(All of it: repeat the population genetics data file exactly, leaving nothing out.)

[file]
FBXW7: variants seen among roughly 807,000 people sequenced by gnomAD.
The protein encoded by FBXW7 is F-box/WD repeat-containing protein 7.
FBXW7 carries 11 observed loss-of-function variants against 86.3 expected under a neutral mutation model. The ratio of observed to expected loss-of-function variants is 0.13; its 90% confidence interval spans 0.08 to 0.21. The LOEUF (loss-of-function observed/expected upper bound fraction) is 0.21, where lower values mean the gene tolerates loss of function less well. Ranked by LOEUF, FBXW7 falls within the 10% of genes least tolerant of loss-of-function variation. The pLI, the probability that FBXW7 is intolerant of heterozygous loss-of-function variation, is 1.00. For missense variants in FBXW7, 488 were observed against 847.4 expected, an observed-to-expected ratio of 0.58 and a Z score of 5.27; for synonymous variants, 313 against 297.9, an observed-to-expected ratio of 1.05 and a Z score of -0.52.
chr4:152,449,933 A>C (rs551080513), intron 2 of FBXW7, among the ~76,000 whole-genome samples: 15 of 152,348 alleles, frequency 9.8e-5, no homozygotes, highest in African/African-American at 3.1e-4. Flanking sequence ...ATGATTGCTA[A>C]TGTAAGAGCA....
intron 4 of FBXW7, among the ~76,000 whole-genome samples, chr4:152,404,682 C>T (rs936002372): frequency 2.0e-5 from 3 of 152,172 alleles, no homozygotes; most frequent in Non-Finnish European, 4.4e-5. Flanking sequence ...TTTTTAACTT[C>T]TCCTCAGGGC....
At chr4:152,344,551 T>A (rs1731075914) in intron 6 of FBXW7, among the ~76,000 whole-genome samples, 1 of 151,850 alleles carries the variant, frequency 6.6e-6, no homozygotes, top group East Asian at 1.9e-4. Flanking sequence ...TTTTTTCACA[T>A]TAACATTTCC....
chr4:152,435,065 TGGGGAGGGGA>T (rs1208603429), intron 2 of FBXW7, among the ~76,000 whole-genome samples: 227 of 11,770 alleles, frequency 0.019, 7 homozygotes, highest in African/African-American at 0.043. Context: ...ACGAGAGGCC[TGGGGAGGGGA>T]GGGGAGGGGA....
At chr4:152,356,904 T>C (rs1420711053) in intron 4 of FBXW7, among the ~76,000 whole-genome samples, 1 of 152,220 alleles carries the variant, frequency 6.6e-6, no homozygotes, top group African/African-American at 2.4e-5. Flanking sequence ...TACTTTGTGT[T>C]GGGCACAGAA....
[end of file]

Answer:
FBXW7: variants seen among roughly 807,000 people sequenced by gnomAD.
The protein encoded by FBXW7 is F-box/WD repeat-containing protein 7.
FBXW7 carries 11 observed loss-of-function variants against 86.3 expected under a neutral mutation model. The ratio of observed to expected loss-of-function variants is 0.13; its 90% confidence interval spans 0.08 to 0.21. The LOEUF (loss-of-function observed/expected upper bound fraction) is 0.21, where lower values mean the gene tolerates loss of function less well. Ranked by LOEUF, FBXW7 falls within the 10% of genes least tolerant of loss-of-function variation. The pLI, the probability that FBXW7 is intolerant of heterozygous loss-of-function variation, is 1.00. For missense variants in FBXW7, 488 were observed against 847.4 expected, an observed-to-expected ratio of 0.58 and a Z score of 5.27; for synonymous variants, 313 against 297.9, an observed-to-expected ratio of 1.05 and a Z score of -0.52.
chr4:152,449,933 A>C (rs551080513), intron 2 of FBXW7, among the ~76,000 whole-genome samples: 15 of 152,348 alleles, frequency 9.8e-5, no homozygotes, highest in African/African-American at 3.1e-4. Flanking sequence ...ATGATTGCTA[A>C]TGTAAGAGCA....
intron 4 of FBXW7, among the ~76,000 whole-genome samples, chr4:152,404,682 C>T (rs936002372): frequency 2.0e-5 from 3 of 152,172 alleles, no homozygotes; most frequent in Non-Finnish European, 4.4e-5. Flanking sequence ...TTTTTAACTT[C>T]TCCTCAGGGC....
At chr4:152,344,551 T>A (rs1731075914) in intron 6 of FBXW7, among the ~76,000 whole-genome samples, 1 of 151,850 alleles carries the variant, frequency 6.6e-6, no homozygotes, top group East Asian at 1.9e-4. Flanking sequence ...TTTTTTCACA[T>A]TAACATTTCC....
chr4:152,435,065 TGGGGAGGGGA>T (rs1208603429), intron 2 of FBXW7, among the ~76,000 whole-genome samples: 227 of 11,770 alleles, frequency 0.019, 7 homozygotes, highest in African/African-American at 0.043. Context: ...ACGAGAGGCC[TGGGGAGGGGA>T]GGGGAGGGGA....
At chr4:152,356,904 T>C (rs1420711053) in intron 4 of FBXW7, among the ~76,000 whole-genome samples, 1 of 152,220 alleles carries the variant, frequency 6.6e-6, no homozygotes, top group African/African-American at 2.4e-5. Flanking sequence ...TACTTTGTGT[T>C]GGGCACAGAA....